• The Bulls appear to embrace their future for a moment by giving a solid rotation spot to Bobby Portis, only to yank it out from under him (he played 4 minutes on Tuesday) once they’re back to full health.
  • The Pelicans offer center Omer Asik a massive contract in the offseason and even when he’s playing well (13 rebounds, a steal and a block, team-high +7 net rating), and they’re absent their best frontcourt player, he can’t get minutes (18).

Essentially what I’m saying is that there are a lot of things we, as fantasy owners, think should happen by any measure of common sense, but just don’t because of a number of factors beyond our control. We can go data mining until the cows come home and have an open & shut case to make why Player X deserves more minutes/opportunity, but it doesn’t matter. We can only do so much. There will always be someone on the other side who impacts that situation and we just have to make the best of it. Thankfully, the NBA has a long season and, unlike football, one or two bad weeks won’t spell doom for your campaign. I love that we get 82 games to try and figure out what the heck is going on. We’ll never be right 100% of the time, no matter that the stats or common sense says we maybe could be, but it sure doesn’t stop us from trying…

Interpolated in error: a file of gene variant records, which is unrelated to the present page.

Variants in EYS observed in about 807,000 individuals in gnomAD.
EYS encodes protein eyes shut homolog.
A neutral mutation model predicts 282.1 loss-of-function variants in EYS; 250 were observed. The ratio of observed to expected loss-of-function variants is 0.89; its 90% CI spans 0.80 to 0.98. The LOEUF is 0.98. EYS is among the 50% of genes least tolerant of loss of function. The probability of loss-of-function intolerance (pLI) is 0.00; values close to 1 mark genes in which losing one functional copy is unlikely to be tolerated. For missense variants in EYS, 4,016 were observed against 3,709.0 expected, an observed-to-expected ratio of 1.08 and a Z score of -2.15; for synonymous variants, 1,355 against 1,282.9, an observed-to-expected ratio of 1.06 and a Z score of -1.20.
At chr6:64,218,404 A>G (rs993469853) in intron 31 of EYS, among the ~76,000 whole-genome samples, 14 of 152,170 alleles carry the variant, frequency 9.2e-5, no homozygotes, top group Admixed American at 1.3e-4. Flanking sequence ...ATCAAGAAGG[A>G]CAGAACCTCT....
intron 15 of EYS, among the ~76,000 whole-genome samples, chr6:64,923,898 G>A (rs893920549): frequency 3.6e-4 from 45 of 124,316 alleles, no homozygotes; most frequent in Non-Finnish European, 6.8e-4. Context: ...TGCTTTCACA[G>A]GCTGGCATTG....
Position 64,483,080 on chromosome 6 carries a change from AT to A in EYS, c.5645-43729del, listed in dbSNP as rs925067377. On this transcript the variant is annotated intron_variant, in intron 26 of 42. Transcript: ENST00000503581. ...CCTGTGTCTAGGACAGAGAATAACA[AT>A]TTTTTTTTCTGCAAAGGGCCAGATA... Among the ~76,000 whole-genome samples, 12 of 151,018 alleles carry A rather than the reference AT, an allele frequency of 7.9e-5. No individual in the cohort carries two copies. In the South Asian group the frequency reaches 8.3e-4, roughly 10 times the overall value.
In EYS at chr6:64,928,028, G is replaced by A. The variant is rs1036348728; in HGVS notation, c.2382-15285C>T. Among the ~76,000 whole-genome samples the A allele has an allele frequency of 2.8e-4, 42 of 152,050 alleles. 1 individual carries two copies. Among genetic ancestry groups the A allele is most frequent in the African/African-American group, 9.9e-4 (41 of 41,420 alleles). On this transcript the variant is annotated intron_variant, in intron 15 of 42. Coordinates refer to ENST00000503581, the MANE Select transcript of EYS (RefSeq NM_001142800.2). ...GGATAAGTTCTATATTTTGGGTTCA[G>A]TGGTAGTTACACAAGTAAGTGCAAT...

Please, blog, may I have some more?

Sorry folks, there will be no lengthy lead-in for this edition of the Daily Notes. (And likely very little attempt at clever humor.) I’m a bit under the weather and doing my best to spill any digital ink on the page at all. I hope everyone is cool with me just jumping right in to The Good, The Bad & The Noteworthy for Tuesday’s five-game slate so I can catch a few extra ZZZs.

Please, blog, may I have some more?

Congratulations to Dirk Nowitzki. He passed Shaquille O’Neal for number 6 on the all-time NBA scoring list.

While Kobe Bryant gains the headlines in his last season, Dirk and Tim Duncan have quietly shown how to adapt their game for the team’s sake, taking less money and adding more wins to their already impressive résumés.